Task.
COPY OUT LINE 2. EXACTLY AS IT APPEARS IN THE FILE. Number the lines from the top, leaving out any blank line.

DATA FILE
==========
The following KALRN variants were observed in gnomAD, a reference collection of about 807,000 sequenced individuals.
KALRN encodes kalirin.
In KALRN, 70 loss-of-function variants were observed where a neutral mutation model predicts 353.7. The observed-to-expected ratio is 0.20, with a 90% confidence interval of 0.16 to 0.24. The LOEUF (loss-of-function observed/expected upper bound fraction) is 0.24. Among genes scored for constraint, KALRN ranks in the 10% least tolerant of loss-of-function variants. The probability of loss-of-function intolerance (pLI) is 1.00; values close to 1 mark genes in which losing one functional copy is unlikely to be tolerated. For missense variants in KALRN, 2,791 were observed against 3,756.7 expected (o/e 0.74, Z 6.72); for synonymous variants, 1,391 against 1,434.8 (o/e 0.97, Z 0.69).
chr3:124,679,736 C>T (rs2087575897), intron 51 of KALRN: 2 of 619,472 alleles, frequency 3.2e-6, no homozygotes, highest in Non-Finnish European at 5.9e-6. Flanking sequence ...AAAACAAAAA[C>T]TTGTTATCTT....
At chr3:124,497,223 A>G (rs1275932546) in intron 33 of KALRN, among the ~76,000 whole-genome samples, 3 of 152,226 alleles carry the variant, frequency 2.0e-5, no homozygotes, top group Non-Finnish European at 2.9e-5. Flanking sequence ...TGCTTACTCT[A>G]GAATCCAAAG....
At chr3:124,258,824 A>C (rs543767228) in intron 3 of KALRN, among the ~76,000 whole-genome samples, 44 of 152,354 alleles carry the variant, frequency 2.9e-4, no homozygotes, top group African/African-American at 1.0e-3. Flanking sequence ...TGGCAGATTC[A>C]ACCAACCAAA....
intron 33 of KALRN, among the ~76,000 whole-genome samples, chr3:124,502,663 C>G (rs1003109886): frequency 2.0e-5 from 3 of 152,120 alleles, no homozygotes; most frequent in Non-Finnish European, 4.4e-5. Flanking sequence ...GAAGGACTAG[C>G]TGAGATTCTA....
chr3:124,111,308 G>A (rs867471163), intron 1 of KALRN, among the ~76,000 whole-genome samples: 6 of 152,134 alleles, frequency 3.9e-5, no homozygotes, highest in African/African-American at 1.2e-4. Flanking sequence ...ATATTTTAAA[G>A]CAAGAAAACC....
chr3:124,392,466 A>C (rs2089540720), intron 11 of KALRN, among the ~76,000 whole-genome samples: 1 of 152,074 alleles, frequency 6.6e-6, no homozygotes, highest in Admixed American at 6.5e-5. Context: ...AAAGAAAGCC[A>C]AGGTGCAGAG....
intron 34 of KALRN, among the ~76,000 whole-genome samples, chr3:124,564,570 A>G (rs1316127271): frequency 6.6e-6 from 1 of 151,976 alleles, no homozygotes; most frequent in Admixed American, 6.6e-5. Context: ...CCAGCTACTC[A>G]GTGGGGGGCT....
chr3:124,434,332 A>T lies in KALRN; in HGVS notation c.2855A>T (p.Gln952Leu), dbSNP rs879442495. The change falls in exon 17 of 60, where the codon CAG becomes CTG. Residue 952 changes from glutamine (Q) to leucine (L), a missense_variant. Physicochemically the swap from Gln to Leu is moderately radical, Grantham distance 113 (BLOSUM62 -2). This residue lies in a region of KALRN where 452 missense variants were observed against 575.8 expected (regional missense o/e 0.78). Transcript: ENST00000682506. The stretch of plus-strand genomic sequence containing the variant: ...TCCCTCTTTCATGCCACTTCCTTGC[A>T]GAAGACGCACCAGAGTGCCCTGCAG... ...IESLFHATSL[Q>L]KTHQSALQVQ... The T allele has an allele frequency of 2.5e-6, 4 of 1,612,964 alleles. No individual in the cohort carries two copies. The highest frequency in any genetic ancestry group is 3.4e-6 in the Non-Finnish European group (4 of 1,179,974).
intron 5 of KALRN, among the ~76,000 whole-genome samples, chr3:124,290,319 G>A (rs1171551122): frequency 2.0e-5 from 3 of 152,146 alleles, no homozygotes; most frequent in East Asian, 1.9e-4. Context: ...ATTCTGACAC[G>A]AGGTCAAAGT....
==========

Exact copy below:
KALRN encodes kalirin.